Health care reform is an urgent priority. Many families have inadequate coverage and 47 million people have no health care at all. This is true even when people are working full-time. Most of these folks live in fear of getting sick or injured. Any kind of medical emergency could send an already struggling family into financial debt and distress for the rest of their lives. The reality is that about 60 percent of all bankruptcies are due to medical bills. These are real people dealing with real illnesses who have to deal with real financial burdens. And worse, some people cannot afford the treatment that they need. Around 18,000 people die unnecessarily each year because they lack health insurance. This is not acceptable. It's literally a matter of life and death. Health care should be a right for all people, not a privilege for the few.
The Gospels are filled with stories about Jesus and the disciples caring for people. They fed hungry people. They healed people's illnesses. They helped poor people. They brought comfort to hurting people. The list goes on and on. The movement they started grew into what we call the Church today. We are the modern disciples of Jesus. Our challenge is to follow Jesus' actions and words. In the end, Jesus commands us to "love our neighbors as we love ourselves" (Matthew 22:39) and to take care of the needs of "the least of these" (Matthew 25:31-46). He asks us to do these things because his ministry was centered on bringing and preaching good news to the poor (Luke 4:18). Jesus makes it clear: If the Gospel isn't good news for poor people, then it isn't the Gospel of Jesus Christ.
As Gospel-following Christians, we need to care for sick and hurting people - especially the poor. This is nothing new. It's been happening for a long time. Many hospitals, including Mayo Clinic, were founded by Christians. Many doctors and nurses, including those initially at Mayo Clinic, were active members of their church. In fact, the word "hospital" comes from the Latin word "hospitalis", which means "hospitable." Health care started out rooted in the Christian tradition of hospitality that cared for all sick and hurting people. Now we need to figure out how to ensure that hospitals are hospitable to all people - especially people who cannot afford health insurance as it exists today.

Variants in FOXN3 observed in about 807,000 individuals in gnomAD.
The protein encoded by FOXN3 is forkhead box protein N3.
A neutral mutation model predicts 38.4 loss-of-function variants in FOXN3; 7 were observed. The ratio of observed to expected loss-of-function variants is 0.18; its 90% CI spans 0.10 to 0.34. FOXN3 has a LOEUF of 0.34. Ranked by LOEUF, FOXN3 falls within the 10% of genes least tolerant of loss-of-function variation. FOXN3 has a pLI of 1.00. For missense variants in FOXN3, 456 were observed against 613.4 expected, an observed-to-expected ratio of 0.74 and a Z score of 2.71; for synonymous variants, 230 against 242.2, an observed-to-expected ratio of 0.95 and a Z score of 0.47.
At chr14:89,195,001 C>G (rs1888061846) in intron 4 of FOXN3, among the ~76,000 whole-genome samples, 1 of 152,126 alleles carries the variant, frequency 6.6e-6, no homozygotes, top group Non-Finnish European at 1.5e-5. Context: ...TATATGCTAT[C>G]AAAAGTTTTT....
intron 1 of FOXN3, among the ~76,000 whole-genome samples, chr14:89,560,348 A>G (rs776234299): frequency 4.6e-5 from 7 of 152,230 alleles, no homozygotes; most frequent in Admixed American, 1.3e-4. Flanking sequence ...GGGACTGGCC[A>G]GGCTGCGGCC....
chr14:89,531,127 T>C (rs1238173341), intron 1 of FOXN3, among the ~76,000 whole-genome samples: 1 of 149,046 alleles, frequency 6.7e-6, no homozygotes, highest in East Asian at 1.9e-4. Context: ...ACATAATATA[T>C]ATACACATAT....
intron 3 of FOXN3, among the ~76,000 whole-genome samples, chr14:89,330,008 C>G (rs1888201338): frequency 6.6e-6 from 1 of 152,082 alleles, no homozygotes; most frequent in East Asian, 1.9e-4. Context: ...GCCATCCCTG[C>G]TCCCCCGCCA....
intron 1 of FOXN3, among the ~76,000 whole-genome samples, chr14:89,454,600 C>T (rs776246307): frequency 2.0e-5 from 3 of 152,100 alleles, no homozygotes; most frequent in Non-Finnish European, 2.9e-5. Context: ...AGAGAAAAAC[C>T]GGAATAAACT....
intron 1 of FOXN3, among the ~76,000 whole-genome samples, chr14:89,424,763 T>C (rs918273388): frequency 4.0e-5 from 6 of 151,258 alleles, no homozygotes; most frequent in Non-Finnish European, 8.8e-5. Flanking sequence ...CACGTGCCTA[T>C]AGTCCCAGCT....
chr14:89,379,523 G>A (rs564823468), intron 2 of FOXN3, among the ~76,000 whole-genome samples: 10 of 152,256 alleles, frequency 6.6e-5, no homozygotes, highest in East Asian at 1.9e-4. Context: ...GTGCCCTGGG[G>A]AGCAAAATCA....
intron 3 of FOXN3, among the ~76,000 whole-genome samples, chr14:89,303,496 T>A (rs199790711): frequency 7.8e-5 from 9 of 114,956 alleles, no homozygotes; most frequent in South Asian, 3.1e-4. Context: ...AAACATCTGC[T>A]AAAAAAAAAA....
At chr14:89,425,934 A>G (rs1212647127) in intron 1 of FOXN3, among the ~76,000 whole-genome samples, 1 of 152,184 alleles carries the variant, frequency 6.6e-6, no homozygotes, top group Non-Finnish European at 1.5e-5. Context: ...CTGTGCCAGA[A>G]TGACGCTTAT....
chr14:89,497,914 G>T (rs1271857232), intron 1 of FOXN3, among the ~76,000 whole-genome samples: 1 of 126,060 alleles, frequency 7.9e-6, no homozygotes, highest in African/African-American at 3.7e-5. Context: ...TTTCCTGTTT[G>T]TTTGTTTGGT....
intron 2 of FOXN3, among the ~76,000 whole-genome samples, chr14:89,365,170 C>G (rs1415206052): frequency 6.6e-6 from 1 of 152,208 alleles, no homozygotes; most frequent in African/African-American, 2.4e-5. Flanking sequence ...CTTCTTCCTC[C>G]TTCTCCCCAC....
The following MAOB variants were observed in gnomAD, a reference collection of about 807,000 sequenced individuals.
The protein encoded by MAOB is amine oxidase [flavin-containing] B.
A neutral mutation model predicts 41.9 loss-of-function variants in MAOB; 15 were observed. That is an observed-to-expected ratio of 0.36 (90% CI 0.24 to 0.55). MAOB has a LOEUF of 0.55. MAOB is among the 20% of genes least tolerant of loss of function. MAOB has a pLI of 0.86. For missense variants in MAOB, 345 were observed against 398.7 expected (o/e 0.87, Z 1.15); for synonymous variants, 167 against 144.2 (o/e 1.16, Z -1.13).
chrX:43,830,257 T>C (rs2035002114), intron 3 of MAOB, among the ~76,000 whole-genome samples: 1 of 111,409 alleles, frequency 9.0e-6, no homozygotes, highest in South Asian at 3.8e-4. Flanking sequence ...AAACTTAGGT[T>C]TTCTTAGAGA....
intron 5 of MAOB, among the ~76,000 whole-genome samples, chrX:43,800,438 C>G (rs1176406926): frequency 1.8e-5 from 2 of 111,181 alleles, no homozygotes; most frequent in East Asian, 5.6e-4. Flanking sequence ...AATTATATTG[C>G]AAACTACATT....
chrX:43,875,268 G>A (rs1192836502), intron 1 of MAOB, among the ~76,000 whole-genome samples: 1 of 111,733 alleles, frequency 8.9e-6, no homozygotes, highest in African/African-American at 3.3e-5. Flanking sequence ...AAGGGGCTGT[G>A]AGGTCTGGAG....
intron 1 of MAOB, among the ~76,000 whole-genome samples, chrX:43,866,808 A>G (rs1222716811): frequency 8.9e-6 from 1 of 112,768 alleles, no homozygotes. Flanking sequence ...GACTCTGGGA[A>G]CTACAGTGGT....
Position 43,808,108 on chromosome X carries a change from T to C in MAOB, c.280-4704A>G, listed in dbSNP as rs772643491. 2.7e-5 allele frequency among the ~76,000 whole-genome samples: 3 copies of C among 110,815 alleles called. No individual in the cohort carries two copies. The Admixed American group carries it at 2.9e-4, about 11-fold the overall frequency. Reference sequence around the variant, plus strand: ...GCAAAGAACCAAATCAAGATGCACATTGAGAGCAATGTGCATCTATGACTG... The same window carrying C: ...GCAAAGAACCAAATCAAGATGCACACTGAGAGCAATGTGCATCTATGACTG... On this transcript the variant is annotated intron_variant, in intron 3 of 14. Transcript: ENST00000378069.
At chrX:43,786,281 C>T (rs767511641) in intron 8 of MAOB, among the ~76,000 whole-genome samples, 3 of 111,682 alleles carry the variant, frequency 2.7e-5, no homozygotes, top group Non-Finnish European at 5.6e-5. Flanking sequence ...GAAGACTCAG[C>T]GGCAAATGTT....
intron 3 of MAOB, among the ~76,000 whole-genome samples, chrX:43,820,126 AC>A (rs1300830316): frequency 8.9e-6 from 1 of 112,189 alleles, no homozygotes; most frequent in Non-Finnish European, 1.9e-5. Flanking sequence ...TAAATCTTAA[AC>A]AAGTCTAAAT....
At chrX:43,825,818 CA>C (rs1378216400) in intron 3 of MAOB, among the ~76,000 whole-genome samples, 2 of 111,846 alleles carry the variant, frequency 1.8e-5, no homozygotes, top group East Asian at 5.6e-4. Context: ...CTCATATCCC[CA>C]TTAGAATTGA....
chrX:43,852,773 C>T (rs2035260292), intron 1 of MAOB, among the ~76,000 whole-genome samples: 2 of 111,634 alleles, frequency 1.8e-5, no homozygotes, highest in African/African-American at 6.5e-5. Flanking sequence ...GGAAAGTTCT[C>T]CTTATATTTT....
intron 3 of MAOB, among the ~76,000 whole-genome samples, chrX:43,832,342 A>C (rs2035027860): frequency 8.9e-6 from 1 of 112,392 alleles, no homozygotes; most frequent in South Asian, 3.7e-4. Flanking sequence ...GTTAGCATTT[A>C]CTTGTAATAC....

There is not a perfect health care system nor is there a God-ordained system of health insurance. But one thing is clear: the current system is broken and desperately needs fixing. Health care reform is an imperative, not an option. We need to stand together, as Democrats and Republicans, to ensure that all people receive the health care and health coverage that they need. One possibility is President Obama's proposal that we add a "public option" to all the private options of health insurance. This would provide the competition needed to ensure that the health care in the US remains among the best in the world. But this would also provide a much-needed refuge for all the people who cannot afford adequate health care. It's a win-win. The public option is one way to ensure that health care and coverage is a reality for all God's children.
We need to demand health care reform from our elected officials. This isn't a time for political games. It's a time to go deeper. And it's a time for results.
Here are a few practical actions we can take to help bring about real results:
(2) Sign the Health Care Creed to support health-care for all people. Sojourners will send this petition to our national elected officials.
(3) Download and share the Sojourners' health-care discussion guide with your congregation and friends.
(4) Read perspectives from trusted organizations such as the Mayo Clinic Health Policies Center.
(5) Thank a doctor or nurse for the healing they provide.